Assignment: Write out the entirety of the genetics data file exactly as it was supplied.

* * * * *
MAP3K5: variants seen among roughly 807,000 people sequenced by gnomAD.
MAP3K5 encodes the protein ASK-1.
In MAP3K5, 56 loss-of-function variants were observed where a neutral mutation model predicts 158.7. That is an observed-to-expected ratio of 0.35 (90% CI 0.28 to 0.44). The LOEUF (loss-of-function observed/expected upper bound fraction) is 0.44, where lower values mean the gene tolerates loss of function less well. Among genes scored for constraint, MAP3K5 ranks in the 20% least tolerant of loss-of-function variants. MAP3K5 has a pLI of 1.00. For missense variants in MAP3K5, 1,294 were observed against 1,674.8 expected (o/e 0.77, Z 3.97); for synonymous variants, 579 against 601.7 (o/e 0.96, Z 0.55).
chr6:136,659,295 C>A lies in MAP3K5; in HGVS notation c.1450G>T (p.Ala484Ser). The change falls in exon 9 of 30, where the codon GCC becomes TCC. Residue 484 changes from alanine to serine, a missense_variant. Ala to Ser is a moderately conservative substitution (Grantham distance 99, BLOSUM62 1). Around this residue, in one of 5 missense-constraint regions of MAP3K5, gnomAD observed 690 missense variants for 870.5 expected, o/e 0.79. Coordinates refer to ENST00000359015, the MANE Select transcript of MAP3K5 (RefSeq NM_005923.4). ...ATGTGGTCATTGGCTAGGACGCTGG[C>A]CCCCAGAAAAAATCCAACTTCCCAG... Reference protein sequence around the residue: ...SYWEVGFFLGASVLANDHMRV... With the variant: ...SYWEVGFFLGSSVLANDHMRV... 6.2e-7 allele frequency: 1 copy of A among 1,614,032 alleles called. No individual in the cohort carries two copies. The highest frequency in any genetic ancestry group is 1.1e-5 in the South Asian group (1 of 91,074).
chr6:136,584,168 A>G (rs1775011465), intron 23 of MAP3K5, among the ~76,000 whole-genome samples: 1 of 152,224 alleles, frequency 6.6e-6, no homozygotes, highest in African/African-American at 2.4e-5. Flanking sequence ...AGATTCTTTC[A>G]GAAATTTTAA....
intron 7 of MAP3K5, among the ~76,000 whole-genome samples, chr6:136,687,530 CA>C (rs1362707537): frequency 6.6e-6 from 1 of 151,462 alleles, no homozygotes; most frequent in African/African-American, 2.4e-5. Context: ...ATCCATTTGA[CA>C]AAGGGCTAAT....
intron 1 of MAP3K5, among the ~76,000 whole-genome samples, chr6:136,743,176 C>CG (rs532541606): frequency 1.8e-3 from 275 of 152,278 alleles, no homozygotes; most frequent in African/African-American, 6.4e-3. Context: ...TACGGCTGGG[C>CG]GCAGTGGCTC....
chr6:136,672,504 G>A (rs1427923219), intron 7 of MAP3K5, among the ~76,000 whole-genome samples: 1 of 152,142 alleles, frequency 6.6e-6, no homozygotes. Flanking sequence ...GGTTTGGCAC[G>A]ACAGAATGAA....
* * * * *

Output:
MAP3K5: variants seen among roughly 807,000 people sequenced by gnomAD.
MAP3K5 encodes the protein ASK-1.
In MAP3K5, 56 loss-of-function variants were observed where a neutral mutation model predicts 158.7. That is an observed-to-expected ratio of 0.35 (90% CI 0.28 to 0.44). The LOEUF (loss-of-function observed/expected upper bound fraction) is 0.44, where lower values mean the gene tolerates loss of function less well. Among genes scored for constraint, MAP3K5 ranks in the 20% least tolerant of loss-of-function variants. MAP3K5 has a pLI of 1.00. For missense variants in MAP3K5, 1,294 were observed against 1,674.8 expected (o/e 0.77, Z 3.97); for synonymous variants, 579 against 601.7 (o/e 0.96, Z 0.55).
chr6:136,659,295 C>A lies in MAP3K5; in HGVS notation c.1450G>T (p.Ala484Ser). The change falls in exon 9 of 30, where the codon GCC becomes TCC. Residue 484 changes from alanine to serine, a missense_variant. Ala to Ser is a moderately conservative substitution (Grantham distance 99, BLOSUM62 1). Around this residue, in one of 5 missense-constraint regions of MAP3K5, gnomAD observed 690 missense variants for 870.5 expected, o/e 0.79. Coordinates refer to ENST00000359015, the MANE Select transcript of MAP3K5 (RefSeq NM_005923.4). ...ATGTGGTCATTGGCTAGGACGCTGG[C>A]CCCCAGAAAAAATCCAACTTCCCAG... Reference protein sequence around the residue: ...SYWEVGFFLGASVLANDHMRV... With the variant: ...SYWEVGFFLGSSVLANDHMRV... 6.2e-7 allele frequency: 1 copy of A among 1,614,032 alleles called. No individual in the cohort carries two copies. The highest frequency in any genetic ancestry group is 1.1e-5 in the South Asian group (1 of 91,074).
chr6:136,584,168 A>G (rs1775011465), intron 23 of MAP3K5, among the ~76,000 whole-genome samples: 1 of 152,224 alleles, frequency 6.6e-6, no homozygotes, highest in African/African-American at 2.4e-5. Flanking sequence ...AGATTCTTTC[A>G]GAAATTTTAA....
intron 7 of MAP3K5, among the ~76,000 whole-genome samples, chr6:136,687,530 CA>C (rs1362707537): frequency 6.6e-6 from 1 of 151,462 alleles, no homozygotes; most frequent in African/African-American, 2.4e-5. Context: ...ATCCATTTGA[CA>C]AAGGGCTAAT....
intron 1 of MAP3K5, among the ~76,000 whole-genome samples, chr6:136,743,176 C>CG (rs532541606): frequency 1.8e-3 from 275 of 152,278 alleles, no homozygotes; most frequent in African/African-American, 6.4e-3. Context: ...TACGGCTGGG[C>CG]GCAGTGGCTC....
chr6:136,672,504 G>A (rs1427923219), intron 7 of MAP3K5, among the ~76,000 whole-genome samples: 1 of 152,142 alleles, frequency 6.6e-6, no homozygotes. Flanking sequence ...GGTTTGGCAC[G>A]ACAGAATGAA....